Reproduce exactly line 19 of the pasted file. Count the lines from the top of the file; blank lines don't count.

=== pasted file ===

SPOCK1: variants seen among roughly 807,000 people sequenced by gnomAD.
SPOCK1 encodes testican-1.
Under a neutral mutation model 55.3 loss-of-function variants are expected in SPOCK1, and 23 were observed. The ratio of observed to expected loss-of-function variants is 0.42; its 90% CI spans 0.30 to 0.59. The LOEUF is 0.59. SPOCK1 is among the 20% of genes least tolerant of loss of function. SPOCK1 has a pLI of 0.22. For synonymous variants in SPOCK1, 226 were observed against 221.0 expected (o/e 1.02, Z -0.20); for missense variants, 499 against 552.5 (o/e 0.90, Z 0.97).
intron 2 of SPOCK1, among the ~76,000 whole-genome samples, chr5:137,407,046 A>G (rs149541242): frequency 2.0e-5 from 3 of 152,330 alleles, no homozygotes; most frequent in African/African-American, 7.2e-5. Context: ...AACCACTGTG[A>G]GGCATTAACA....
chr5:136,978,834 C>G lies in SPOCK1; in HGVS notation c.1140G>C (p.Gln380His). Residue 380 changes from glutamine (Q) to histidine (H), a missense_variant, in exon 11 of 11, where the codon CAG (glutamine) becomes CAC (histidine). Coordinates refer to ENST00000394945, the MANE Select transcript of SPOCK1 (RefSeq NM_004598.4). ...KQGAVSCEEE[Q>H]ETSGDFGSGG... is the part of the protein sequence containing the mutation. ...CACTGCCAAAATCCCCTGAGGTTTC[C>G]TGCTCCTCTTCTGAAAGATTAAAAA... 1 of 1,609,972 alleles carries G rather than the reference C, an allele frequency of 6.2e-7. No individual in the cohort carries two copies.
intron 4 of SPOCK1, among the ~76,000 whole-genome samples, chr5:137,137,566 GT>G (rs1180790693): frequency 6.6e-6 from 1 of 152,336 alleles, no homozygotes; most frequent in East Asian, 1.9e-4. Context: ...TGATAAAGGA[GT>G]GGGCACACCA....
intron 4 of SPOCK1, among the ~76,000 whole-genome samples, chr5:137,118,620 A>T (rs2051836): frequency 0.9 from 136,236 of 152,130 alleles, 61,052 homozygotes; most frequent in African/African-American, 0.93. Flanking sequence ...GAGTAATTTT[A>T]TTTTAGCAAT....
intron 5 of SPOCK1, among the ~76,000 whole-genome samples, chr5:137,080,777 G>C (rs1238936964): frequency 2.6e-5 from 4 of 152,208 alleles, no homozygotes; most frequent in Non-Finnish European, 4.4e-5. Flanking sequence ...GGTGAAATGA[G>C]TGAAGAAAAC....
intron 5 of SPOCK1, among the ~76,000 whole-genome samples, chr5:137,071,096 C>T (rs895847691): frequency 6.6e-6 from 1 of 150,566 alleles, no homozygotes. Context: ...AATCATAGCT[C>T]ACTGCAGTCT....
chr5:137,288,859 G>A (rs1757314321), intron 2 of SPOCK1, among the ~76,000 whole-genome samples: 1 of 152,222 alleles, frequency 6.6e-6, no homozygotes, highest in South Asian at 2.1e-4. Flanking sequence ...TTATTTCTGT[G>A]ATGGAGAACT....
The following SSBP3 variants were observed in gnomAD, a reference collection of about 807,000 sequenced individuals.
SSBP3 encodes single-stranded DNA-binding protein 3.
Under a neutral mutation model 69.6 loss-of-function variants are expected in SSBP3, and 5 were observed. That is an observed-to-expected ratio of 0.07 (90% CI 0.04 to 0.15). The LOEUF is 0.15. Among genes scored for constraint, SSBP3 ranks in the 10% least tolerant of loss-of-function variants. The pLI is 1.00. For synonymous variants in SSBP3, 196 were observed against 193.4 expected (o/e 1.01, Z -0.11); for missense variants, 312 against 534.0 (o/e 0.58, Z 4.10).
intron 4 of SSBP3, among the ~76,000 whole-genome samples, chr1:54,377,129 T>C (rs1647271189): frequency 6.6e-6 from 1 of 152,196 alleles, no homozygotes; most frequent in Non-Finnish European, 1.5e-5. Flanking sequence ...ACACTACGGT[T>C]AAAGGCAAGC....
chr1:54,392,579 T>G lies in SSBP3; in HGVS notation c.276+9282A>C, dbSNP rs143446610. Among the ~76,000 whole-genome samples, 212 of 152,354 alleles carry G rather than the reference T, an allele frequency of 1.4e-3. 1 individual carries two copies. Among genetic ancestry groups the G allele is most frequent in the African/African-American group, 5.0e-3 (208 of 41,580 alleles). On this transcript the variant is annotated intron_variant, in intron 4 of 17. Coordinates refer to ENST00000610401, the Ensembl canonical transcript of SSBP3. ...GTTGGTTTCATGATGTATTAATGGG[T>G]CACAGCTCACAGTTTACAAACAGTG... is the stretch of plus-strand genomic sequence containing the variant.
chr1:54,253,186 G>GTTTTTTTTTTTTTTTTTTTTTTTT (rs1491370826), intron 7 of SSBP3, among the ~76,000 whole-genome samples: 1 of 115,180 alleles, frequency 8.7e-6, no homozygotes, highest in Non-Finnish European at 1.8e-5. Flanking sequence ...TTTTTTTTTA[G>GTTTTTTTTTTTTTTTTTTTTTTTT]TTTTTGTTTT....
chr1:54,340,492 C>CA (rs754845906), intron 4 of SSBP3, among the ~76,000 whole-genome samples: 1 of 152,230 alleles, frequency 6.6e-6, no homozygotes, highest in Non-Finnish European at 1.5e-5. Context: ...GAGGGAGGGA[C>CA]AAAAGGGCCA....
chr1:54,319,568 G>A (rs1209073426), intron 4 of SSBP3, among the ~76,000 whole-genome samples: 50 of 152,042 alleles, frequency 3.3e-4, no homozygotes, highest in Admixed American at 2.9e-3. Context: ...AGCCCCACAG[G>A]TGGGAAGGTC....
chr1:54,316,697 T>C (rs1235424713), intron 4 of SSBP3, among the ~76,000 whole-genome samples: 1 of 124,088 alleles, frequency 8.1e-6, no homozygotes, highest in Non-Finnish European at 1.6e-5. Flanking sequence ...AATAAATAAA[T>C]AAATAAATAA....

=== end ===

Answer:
chr1:54,316,697 T>C (rs1235424713), intron 4 of SSBP3, among the ~76,000 whole-genome samples: 1 of 124,088 alleles, frequency 8.1e-6, no homozygotes, highest in Non-Finnish European at 1.6e-5. Flanking sequence ...AATAAATAAA[T>C]AAATAAATAA....